Canis ISSN: 2398-2942

Vomiting

Contributor(s): Kyle Braund, Clive Elwood, James Simpson

Introduction

  • Clinical sign NOT a diagnosis therefore try to identify cause.
  • Differentiate between regurgitation, retching and true vomiting.
  • Cause: primary gastrointestinal or other abdominal conditions, secondary to systemic or metabolic disease or drug toxicity, secondary to neurological disease (cerebral or vestibular).
  • Diagnosis: biochemistry, urinalysis, radiography and ultrasonography, endoscopy all useful aids.
  • Treatment: depends on cause.
    Follow the diagnostic tree for Vomiting Vomiting.

Pathogenesis

Etiology

  • Visceral stimulation of vomiting center.
  • Central stimulation of vomiting center.
  • Vestibular stimulation of vomiting center.
  • Stimulation of chemoreceptor trigger zone (CRTZ).

Predisposing factors

General
  • Most often acute vomiting of uncertain cause; the majority of acute presentations are self-limiting.
  • A routine fecal exam for parasites Fecal analysis: parasites should be performed in all animals with GI signs.

Pathophysiology

  • The act of vomiting can be divided into three components: nausea, retching and vomiting.
Visceral stimulation
  • Distension of visceral organ/inflammation of visceral mucosa → neural stimulation (via sympathetic and vagal nerves) of vomiting center, located in the medulla oblongata of the brain.
CRTZ stimulation
  • Inflammation in CNS → increased intracranial pressure → stimulate chemoreceptor trigger zone (CRTZ) in brain → dopamine release from neurones → stimulation of vomiting center.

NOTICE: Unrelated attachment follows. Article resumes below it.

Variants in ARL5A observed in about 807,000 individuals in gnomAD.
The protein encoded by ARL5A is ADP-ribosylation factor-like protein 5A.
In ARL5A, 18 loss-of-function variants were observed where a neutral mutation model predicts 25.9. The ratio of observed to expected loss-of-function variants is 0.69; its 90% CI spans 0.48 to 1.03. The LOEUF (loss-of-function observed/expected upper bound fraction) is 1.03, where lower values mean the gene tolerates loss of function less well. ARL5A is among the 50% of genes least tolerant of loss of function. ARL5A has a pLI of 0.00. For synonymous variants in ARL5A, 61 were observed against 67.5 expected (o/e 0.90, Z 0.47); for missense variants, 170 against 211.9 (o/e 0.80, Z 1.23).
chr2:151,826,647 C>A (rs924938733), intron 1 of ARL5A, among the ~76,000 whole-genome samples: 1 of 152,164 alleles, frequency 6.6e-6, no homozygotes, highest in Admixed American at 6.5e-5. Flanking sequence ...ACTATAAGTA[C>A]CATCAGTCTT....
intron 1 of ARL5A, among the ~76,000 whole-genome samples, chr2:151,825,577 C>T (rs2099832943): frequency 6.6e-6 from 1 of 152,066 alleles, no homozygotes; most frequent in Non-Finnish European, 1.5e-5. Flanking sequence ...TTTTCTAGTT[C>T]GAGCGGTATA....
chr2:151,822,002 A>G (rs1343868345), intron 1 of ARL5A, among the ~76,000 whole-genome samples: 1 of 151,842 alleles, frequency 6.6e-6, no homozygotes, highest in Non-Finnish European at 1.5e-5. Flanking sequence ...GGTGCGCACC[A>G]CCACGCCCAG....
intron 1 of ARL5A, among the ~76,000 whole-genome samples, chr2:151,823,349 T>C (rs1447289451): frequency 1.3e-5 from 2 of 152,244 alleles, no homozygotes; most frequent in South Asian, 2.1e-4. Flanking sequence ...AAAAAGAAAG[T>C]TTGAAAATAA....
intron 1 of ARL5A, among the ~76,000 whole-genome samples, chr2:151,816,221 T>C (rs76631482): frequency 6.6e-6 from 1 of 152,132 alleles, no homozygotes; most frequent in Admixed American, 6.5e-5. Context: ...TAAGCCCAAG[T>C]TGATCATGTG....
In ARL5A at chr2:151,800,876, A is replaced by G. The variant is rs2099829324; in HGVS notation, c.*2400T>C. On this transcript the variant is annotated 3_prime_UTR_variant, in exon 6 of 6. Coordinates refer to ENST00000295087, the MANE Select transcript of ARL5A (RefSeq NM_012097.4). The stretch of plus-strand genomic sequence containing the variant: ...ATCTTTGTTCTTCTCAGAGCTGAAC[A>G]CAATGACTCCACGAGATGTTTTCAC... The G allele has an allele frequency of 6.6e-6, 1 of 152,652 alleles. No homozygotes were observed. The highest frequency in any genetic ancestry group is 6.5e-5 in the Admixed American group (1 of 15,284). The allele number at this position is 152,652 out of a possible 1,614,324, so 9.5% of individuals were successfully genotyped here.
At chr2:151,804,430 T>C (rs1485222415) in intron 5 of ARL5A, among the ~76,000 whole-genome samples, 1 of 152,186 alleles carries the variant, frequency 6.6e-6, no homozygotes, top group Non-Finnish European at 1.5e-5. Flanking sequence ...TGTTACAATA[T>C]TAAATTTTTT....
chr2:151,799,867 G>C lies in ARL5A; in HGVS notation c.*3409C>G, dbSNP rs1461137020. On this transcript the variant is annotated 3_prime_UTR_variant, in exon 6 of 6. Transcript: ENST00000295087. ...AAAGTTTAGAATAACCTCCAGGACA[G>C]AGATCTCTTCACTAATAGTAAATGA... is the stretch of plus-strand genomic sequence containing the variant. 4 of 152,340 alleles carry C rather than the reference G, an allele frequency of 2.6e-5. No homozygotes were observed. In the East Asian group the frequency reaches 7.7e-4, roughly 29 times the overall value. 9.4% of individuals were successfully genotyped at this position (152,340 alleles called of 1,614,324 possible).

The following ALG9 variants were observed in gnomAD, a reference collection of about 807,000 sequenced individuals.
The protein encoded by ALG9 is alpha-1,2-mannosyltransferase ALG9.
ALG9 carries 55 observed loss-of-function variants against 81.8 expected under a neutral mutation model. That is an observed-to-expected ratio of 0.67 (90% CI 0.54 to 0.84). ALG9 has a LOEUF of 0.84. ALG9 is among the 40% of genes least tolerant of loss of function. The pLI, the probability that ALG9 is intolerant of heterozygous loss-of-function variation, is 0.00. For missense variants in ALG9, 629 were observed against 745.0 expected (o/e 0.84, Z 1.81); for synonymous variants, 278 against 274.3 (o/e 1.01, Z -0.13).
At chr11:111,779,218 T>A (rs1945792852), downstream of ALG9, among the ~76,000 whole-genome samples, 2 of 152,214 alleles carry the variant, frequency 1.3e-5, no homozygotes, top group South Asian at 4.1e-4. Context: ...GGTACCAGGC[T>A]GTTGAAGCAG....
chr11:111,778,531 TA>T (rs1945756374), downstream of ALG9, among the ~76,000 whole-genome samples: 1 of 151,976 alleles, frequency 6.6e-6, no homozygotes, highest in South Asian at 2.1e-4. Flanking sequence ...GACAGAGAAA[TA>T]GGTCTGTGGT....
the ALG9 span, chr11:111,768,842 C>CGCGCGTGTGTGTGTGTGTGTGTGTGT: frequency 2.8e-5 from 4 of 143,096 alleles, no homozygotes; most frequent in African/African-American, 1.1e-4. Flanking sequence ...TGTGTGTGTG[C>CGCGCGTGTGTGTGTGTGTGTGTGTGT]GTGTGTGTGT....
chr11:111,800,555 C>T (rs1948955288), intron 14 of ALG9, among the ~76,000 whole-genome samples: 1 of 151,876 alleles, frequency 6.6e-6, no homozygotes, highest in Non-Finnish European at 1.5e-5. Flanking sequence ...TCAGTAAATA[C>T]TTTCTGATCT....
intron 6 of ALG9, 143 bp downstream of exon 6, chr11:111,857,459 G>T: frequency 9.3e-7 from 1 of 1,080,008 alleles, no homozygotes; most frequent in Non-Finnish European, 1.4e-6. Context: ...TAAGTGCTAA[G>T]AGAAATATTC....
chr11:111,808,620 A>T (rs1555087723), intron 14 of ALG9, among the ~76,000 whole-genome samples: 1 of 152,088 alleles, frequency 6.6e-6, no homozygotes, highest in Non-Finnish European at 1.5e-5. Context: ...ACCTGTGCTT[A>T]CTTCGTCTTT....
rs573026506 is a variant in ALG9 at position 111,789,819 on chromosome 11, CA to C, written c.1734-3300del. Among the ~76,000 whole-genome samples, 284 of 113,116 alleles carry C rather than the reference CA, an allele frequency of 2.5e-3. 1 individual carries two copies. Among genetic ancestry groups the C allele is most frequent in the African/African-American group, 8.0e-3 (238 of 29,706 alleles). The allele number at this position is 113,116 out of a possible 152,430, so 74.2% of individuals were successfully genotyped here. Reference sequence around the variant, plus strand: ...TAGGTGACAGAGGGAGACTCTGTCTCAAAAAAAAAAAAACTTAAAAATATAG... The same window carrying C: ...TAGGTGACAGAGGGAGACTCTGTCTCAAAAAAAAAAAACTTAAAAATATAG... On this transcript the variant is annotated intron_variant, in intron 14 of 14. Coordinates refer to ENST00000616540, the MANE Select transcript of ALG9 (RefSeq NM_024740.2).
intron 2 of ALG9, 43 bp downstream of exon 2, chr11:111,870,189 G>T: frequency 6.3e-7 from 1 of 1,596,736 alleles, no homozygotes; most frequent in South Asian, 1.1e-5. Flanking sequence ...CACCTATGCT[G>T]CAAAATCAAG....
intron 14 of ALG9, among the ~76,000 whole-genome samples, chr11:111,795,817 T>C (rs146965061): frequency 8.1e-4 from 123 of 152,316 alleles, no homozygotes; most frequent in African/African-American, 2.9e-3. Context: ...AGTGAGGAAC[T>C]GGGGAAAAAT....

• Toxins, toxic substances - uremia, ketoacidosis, drugs such as xylazine, morphine.
Vestibular stimulation
  • Irregular motion → disturbance in semi-circular canals → stimulation of vomiting center.
  • Labyrinthitis.
Vomiting
  • Dehydration.
  • Potassium depletion:
    • Minor loss in vomitus.
    • Urinary losses as kidney tries to maintain blood volume in face of dehydration and loss of gastric acid.
  • Acid base imbalances Acid base imbalance - usually metabolic acidosis. (Alkalosis suggests pyloric outflow obstruction with predominant loss of gastric acid.)

Timecourse

  • See specific conditions.

Diagnosis

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Treatment

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Outcomes

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Further Reading

Publications

Refereed papers

  • Recent references from PubMed and VetMedResource.
  • Elwood C M (2003) Investigation and differential diagnosis of vomiting in the dog. In Practice 25 (7), 374-386 VetMedResource.
  • Delles E K (1992) Chronic vomiting in the dog. Waltham Focus (2), 14-19 VetMedResource.

Other sources of information

  • Approach to the management of emesis in dogs: Current guidelines to 'best practice'. (2007)European Emesis Councilsupported by Pfizer Animal Health.
  • Twedt D C (2000)Vomiting. In:Textbook of Veterinary Internal Medicine.5th edn. Eds: S J Ettinger & E C Feldman. Philadelphia: W B Saunders Co. pp 119-121.
  • BSAVA Manual of Canine & Feline Gastroenterology(1996) D Thomas, J W Simpson & E Hall (Eds).


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